May include foreign partsby Andy Neely, Carlos López-Gómez / November 16, 2016 / Leave a comment
The question of how UK manufacturing will fare post-Brexit is often presented as a transactional relationship between UK manufacturers and European Union markets. “Leavers” contend that because the EU sells more goods to the UK than the UK sells to it, we will have the upper hand in negotiations. But this overlooks the nature of modern manufacturing, which relies on networks of companies scattered across the globe, all dependent on each other to produce finished goods and services.
To unpick how much UK manufacturing depends on access to the EU single market we need to consider the issue from three different but connected perspectives: the manufacturing trade environment, the impact on foreign direct investment (FDI), and the importance of manufacturing value chains and networks.
First, trade: the UK has run a deficit since 1998, largely caused by a deficit in traded goods. According to the Office of National Statistics, the 2015 deficit was around 6.9 per cent of gross domestic product, although this is partly offset by a surplus in services, resulting in a balance of -2.1 per cent of GDP. Clearly the devaluation of the pound in the immediate aftermath of the EU referendum may have a positive impact on exports but this is likely to be short-lived.
Already there is evidence of inflationary pressure affecting imports used by UK manufacturers. As price increases flow through supply chains the cost of finished goods will rise, offsetting the competitive advantage gained through a weak pound. In the long term the way to address the UK’s deficit is through trade—ensuring that we export more than we import—and for that we require access to international markets both in Europe and beyond.
In recent years, the UK has been very good at securing foreign investment, but in its letter to the UK and EU, written after the Brexit vote, the Japanese government challenged any assumptions that this would be unaffected by Brexit. The letter was remarkably explicit, raising five substantive issues that would deter future investment: uncertain trading conditions, additional customs duties, inability to access services and make financial transactions seamlessly across Europe, inability to access the right skills, and the need to deal with different regulations and standards in the UK and the EU. “Japanese businesses with their European headquarters in the UK may decide to transfer their head-office function to continental Europe if EU laws cease to be applicable in the UK after its withdrawal,” it warned. As commentators have noted, the UK must strike a deal that satisfies its international trade partners beyond the EU: failure risks isolation from the international community and could make future foreign investment in Britain harder to secure.
The third issue is that of global supply chains. Today’s manufacturers do not always operate within the boundaries of a single country. To describe a manufacturer as British—in competition with, say, its US or German or Japanese counterparts—can sometimes be misleading. Competition in modern manufacturing takes place between interdependent groups of firms, often from different countries, that share knowledge and collaborate to produce goods and deliver services. Raw materials are typically sourced in one location, intermediate inputs (such as parts and components) are produced in another and then exported somewhere else for further processing and/or assembly into final products. And it’s not just supply chains that function across boundaries: knowledge-intensive activities such as research and development, design and professional services are similarly dispersed.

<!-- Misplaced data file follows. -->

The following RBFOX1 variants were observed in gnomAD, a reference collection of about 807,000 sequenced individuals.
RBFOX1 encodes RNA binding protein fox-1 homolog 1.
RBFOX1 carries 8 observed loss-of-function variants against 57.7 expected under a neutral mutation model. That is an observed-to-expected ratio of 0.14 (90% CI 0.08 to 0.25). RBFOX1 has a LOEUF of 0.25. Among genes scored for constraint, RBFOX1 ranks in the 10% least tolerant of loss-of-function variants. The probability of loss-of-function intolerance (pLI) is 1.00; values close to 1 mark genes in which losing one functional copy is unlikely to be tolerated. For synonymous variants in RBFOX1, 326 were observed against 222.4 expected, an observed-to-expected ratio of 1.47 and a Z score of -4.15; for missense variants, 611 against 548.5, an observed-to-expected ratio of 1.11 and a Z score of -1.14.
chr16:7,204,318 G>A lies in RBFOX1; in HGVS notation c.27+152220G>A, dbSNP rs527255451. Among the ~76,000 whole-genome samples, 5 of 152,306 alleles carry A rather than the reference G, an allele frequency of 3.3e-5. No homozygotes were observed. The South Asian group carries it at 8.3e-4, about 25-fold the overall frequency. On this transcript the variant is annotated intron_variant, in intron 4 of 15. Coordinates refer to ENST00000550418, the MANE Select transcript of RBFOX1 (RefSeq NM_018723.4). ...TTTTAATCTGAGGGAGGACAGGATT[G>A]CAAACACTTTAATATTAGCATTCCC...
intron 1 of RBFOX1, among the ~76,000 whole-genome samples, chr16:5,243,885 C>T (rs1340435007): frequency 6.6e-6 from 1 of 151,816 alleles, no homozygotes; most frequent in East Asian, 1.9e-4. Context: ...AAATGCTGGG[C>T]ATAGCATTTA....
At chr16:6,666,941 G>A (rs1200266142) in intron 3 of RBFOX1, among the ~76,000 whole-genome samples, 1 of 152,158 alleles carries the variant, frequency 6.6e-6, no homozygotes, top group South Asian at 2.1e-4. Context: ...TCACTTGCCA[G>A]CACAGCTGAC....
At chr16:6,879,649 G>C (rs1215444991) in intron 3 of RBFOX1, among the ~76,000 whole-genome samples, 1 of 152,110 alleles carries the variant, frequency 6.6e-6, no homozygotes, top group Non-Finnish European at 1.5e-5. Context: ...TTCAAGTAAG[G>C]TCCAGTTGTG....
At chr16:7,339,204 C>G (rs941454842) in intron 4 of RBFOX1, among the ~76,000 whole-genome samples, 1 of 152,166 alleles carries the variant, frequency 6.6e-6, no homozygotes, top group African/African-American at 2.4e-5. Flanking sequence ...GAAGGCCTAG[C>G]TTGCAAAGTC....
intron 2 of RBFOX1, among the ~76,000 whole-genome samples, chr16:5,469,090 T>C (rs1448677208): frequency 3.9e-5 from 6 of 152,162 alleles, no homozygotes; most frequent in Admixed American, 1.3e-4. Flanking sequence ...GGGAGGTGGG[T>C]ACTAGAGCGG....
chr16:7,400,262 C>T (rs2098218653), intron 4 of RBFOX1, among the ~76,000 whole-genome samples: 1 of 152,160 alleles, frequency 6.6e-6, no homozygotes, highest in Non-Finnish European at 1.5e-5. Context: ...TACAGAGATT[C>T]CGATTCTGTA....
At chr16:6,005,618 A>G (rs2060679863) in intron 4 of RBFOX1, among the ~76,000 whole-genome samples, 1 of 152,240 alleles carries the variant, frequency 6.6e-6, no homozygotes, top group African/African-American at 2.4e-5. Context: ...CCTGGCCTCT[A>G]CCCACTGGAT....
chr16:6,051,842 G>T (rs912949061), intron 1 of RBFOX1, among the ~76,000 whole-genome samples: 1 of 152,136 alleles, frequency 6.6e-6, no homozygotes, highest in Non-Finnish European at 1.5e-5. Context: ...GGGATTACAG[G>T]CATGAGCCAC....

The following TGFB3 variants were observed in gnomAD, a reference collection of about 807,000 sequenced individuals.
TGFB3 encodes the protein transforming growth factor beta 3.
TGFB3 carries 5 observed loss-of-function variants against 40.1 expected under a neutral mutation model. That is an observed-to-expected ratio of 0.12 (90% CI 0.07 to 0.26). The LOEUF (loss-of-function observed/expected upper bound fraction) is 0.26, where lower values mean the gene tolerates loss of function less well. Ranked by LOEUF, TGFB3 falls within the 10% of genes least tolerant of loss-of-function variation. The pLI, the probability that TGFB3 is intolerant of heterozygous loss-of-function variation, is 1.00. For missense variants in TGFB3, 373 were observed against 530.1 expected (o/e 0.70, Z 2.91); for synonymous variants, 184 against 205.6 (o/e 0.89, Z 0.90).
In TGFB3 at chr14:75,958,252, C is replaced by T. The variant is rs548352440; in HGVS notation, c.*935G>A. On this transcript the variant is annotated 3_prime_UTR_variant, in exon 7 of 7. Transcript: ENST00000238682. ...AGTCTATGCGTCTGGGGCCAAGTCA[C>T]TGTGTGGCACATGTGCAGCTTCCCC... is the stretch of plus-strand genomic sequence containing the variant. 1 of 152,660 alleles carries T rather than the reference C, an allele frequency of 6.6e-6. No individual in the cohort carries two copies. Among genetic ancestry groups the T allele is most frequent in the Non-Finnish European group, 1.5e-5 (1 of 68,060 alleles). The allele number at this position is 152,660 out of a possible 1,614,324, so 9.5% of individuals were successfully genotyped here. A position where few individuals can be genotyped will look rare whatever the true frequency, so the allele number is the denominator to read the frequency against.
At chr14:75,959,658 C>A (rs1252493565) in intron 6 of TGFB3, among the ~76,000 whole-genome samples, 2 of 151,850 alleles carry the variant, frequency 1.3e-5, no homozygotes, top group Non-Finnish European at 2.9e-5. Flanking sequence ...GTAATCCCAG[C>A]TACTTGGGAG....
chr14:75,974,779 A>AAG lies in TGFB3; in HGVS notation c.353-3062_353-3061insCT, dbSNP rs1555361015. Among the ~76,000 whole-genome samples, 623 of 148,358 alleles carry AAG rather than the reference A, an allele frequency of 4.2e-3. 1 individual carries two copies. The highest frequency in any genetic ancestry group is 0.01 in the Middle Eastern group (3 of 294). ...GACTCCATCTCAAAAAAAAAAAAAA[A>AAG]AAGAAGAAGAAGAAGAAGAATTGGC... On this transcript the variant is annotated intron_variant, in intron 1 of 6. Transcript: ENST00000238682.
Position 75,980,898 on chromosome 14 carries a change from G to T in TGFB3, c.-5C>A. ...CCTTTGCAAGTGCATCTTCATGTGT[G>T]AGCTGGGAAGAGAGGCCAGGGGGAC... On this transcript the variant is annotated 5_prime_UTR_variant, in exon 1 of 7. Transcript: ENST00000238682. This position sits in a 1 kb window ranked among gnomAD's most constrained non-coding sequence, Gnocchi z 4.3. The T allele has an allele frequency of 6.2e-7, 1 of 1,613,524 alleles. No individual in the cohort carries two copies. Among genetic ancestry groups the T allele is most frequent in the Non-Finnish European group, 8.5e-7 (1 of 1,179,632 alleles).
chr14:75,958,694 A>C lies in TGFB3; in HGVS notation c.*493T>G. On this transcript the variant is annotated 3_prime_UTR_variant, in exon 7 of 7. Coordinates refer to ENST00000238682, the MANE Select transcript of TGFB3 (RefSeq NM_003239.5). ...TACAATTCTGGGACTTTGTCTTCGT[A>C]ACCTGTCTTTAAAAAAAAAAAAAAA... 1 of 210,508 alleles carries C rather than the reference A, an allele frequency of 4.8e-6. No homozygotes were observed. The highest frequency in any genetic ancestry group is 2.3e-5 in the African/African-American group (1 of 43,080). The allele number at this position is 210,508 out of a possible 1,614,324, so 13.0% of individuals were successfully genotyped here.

For manufacturers to be competitive they need access to high-quality production “inputs.” These include not only components, systems and specialised services but also workers, finance and even infrastructure, many of which are imported. Data from the Organisation for Economic Co-operation and Development shows that a considerable proportion of UK manufacturing exports rely on imported inputs. In 2011 the content of UK exports that had been previously imported was around 23 per cent, and that figure appears to be higher than for the other major EU manufacturing economies.
Conversely, more than half (52.5 per cent) of UK manufacturing’s domestic value added depends on foreign final demand, and a significant proportion of what the UK exports is not final goods but products and services that are further processed in another country before reaching the consumer. Of the UK’s total exports of domestic value-added in 2011, 63.7 per cent were not final goods.
So the picture is complex. The assumption that the UK’s balance of trade deficit strengthens its hand in Brexit negotiations only holds if the final destination of these imports is the UK. If the tariffs on importing intermediate goods become too high, there may come a tipping point where it would be more cost-effective for some activities (and factories) to relocate to the EU.
For manufacturing to thrive and prosper we need an agreement with the EU that is open, transparent and that enables international trade, investment and knowledge to flow with ease. Anything less runs the risk of damaging the long-term health of UK manufacturing.
On the 17th of January 2017, Prospect hosted a roundtable discussion with the contributors to: Brexit Britain: the trade challenge. This report is designed to act as a guide for parliamentarians, officials and businesses with a stake in the UK’s changing relationship with the world following Brexit. The discussion was chaired by Tom Clark, Editor of Prospect. Participants included Tasmina Ahmed-Sheikh MP, Miriam González and Vicky Pryce.
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